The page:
On 27/06/2020 10:35, Stephen J. Turnbull wrote:
Keara Berlin writes:

 > Here is the current line in PEP-8: "When writing English, follow
 > Strunk and White."  I propose changing this line to "When writing
 > English, ensure that your comments are clear and easily
 > understandable to other English speakers."

That's the same thing ("clear and understandable writing" is the
purpose of _The Elements of Style_), except that Strunk and White
provide guidelines as to *how* to make your writing "clear and easily
understandable".  This is useful to non-native speakers, and perhaps
to others.  

It is useful to recommend a guide to plain, comprehensible writing. Other guides are available (I've a soft spot for Gowers). Guido informs us S&W rules were not being enforced as a requirement by reviewers, and we've all been ok with that. I don't think anyone on the thread said they should. So that is the argument for removal of the requirement.

... the reference to Strunk and White is
the kind of quirky thing that endears Python to me, beyond it being a
great community and a language full of wonders and practical use.  I
would be sad to see it deleted.

Then be sad. Turns out we are discussing a new idea: "Recommend a guide to writing clear comments in PEP-8". Fait accomplis:

https://github.com/python/peps/commit/0c6427dcec1e98ca0bd46a876a7219ee4a9347f4)

Steven D'Aprano writes:

"""Language that is clear and understandable to a Geordie, Brummie or 
Weegie could be incomprehensible to others. I've intentionally used only 
examples of white people here because this issue is not about "people of 
color" and it transcends parochial concerns about race."""

And the conclusion is right, but the argument is better than he makes it. I've no idea what a Weegie is, but Brum is just up the road from where I write, and I can tell you only about 60% of Brummies class themselves as white. A high proportion of those that don't are yet native speakers of English, often in the distinctive Black Country accent that some scholars think was Shakespeare's. Those who hope to be understood widely, in my experience, moderate their use of regional words, but it's grand to add a bit of local colour now and then.

Now the commit message is the thing that causes me to write. It contains a long justification for the change. It need only have said that we've decided not to enforce S&W rules. It is somewhat offensive, since it asserts as fact an opinion the community evidently does not hold universally, which is that the recommendation to use a standard form of English is "upholding relics of white supremacy".

I get that S&W is a bit American, but recommending this or another resource does not make someone a white supremacist. I regret that this disagreeable view has made its way into the record. Arguments have been made in this thread that taking care to be clear in our writing is an inclusive act, and in fact the paragraph that follows the amended one makes a similar point.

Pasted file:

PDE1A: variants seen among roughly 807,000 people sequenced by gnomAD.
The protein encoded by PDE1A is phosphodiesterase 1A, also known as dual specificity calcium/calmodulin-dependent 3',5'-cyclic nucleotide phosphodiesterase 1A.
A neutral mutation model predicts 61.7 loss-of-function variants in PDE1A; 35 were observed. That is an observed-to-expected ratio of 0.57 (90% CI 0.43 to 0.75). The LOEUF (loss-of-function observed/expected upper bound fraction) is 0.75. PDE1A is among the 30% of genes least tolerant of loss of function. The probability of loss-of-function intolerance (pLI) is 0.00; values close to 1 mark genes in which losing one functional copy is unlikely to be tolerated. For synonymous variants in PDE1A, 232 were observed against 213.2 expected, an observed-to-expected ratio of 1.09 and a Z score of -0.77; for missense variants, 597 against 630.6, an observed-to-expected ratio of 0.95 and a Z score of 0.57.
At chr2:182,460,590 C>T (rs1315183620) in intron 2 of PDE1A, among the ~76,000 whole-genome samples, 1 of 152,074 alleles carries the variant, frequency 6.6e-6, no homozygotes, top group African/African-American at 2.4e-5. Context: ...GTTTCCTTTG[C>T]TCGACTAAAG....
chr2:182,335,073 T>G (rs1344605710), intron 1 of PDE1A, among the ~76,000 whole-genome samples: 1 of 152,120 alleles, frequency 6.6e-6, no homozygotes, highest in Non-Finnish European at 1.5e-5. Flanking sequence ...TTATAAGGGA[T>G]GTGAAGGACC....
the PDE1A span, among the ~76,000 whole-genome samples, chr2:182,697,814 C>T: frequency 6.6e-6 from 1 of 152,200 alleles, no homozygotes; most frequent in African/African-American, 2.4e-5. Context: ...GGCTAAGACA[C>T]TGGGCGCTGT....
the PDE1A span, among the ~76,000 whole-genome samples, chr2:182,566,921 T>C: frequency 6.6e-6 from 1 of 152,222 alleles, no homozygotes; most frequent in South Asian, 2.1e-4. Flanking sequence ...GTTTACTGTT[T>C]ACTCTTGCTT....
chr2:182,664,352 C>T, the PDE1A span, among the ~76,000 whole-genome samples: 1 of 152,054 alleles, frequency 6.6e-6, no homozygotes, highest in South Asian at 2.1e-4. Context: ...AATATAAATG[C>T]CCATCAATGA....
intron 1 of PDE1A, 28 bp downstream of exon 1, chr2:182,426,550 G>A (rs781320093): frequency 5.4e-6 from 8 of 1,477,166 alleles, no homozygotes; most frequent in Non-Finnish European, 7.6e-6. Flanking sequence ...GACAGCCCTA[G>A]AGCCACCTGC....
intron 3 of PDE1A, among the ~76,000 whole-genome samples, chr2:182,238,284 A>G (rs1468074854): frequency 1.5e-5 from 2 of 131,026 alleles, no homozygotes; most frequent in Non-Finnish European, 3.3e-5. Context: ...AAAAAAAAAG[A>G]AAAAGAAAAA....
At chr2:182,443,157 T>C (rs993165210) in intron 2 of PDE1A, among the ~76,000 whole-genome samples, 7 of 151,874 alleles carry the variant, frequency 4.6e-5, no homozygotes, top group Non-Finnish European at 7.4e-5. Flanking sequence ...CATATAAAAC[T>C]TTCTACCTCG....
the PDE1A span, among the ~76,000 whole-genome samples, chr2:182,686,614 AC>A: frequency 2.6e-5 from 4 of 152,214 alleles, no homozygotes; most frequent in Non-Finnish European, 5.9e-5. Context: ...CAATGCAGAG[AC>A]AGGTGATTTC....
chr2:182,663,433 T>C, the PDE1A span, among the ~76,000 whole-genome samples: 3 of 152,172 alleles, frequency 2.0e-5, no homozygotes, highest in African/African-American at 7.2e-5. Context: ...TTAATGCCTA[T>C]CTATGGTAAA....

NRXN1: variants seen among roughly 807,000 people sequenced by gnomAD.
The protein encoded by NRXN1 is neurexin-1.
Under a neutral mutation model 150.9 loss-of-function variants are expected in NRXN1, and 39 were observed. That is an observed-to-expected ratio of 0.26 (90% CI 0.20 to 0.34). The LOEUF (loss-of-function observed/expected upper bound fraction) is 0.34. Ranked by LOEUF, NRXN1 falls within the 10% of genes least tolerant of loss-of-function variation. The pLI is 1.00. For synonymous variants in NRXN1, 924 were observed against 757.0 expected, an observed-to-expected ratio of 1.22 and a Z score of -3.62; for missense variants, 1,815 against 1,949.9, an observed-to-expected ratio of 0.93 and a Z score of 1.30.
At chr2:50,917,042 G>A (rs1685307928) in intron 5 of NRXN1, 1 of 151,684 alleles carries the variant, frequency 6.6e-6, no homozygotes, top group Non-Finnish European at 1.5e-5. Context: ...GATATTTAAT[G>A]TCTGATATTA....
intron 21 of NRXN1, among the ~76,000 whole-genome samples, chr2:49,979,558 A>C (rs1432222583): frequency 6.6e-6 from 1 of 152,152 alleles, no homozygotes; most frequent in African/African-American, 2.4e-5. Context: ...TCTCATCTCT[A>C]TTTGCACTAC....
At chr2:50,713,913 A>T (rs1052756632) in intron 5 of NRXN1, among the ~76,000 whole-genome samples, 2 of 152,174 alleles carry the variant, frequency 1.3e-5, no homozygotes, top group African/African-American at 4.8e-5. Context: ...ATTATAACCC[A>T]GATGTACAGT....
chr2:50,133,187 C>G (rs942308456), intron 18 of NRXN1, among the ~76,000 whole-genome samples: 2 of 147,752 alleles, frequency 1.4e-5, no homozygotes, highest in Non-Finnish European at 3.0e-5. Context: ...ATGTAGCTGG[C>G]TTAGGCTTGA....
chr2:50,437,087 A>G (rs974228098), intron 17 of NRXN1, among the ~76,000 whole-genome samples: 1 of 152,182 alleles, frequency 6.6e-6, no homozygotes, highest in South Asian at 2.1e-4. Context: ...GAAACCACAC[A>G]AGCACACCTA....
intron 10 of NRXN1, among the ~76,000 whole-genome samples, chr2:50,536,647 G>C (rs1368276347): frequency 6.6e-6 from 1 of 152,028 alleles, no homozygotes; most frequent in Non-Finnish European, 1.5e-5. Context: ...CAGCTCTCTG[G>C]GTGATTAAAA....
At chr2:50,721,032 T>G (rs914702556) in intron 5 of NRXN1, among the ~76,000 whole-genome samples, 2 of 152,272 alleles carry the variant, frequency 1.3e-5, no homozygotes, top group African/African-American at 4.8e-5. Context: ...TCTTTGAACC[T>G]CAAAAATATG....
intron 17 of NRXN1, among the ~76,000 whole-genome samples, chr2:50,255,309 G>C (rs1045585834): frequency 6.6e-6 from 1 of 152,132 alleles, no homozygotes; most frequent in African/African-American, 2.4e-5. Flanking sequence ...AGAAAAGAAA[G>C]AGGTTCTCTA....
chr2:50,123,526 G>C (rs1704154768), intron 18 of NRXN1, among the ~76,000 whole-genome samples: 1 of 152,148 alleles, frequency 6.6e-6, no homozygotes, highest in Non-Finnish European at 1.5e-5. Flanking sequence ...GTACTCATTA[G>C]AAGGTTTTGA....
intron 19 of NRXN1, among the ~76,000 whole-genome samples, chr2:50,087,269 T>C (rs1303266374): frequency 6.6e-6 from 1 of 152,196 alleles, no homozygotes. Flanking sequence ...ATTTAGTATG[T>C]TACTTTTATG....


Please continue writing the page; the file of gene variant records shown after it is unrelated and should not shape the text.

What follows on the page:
That so many of us speak and read some form of English at all is a relic of British supremacy and an effect of recent American supremacy. It is unfortunate, from the perspective of universal communication, that other languages exist at all, although enriching in other ways. It's just history and where we are.

PEP-8 chooses to require English in comments [1]. In view of this, the use in the amended text of "other speakers of the language you are writing in" is needlessly complicated. It contains, let's remember, "coding conventions for the Python code comprising the standard library in the main Python distribution", for which English has been chosen, and those who use it for something else should adapt it. I know that in Python sometimes you have to be Dutch, but fortunately not when writing comments: that would be a barrier to contributing. I'm in luck.

There is a lot of righteous anger just now about a class of long-standing injustices world-wide, and recent ones in the US, that colours the discussion. It is very difficult to address any argument, however weak, that starts from this anger, because of the risk it will be construed as disagreeing with the starting point, but please try to be tolerant of reason. I do not disagree with the values motivating efforts to be more inclusive.

The Python community is exemplary in its intention to be inclusive, but here we are made afraid to say directly "please write in English and here is as a guide to doing so clearly", apparently because it is "putting up barriers for people whose native dialect of English is not Standard". There is no one standard English, but there is a range of broadly accepted, educated English. The guide is cheap, so the accusation of exclusivity must be the assumed cultural imperialism of asking people to write this educated English. The argument leads to "everyone should be free to write in their own variant of English, with no consideration for readers". It just wasn't pursued this far. Still, the outcome is less good for inclusivity than it might have been, because the means to achieve parity are now (in a trivial way) made less accessible.


Jeff Allen
[1] Strictly read, only "Python coders from non-English speaking countries" are required to write comments in English. So the rest of us ... exprimons-nous librement!